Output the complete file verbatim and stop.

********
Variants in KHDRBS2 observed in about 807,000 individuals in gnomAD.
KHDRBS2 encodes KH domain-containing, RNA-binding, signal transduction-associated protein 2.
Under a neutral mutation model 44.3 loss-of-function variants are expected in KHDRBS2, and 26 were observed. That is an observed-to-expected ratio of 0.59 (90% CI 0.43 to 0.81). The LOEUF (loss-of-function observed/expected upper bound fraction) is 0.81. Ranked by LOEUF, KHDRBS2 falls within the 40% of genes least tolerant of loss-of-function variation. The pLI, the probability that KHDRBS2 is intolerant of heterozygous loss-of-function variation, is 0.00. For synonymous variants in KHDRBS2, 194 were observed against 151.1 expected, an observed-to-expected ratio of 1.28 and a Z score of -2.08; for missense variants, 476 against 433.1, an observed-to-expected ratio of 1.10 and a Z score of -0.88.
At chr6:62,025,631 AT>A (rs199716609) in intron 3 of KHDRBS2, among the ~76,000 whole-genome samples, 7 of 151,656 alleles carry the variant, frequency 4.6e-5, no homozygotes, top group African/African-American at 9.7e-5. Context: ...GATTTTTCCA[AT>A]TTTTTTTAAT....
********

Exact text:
Variants in KHDRBS2 observed in about 807,000 individuals in gnomAD.
KHDRBS2 encodes KH domain-containing, RNA-binding, signal transduction-associated protein 2.
Under a neutral mutation model 44.3 loss-of-function variants are expected in KHDRBS2, and 26 were observed. That is an observed-to-expected ratio of 0.59 (90% CI 0.43 to 0.81). The LOEUF (loss-of-function observed/expected upper bound fraction) is 0.81. Ranked by LOEUF, KHDRBS2 falls within the 40% of genes least tolerant of loss-of-function variation. The pLI, the probability that KHDRBS2 is intolerant of heterozygous loss-of-function variation, is 0.00. For synonymous variants in KHDRBS2, 194 were observed against 151.1 expected, an observed-to-expected ratio of 1.28 and a Z score of -2.08; for missense variants, 476 against 433.1, an observed-to-expected ratio of 1.10 and a Z score of -0.88.
At chr6:62,025,631 AT>A (rs199716609) in intron 3 of KHDRBS2, among the ~76,000 whole-genome samples, 7 of 151,656 alleles carry the variant, frequency 4.6e-5, no homozygotes, top group African/African-American at 9.7e-5. Context: ...GATTTTTCCA[AT>A]TTTTTTTAAT....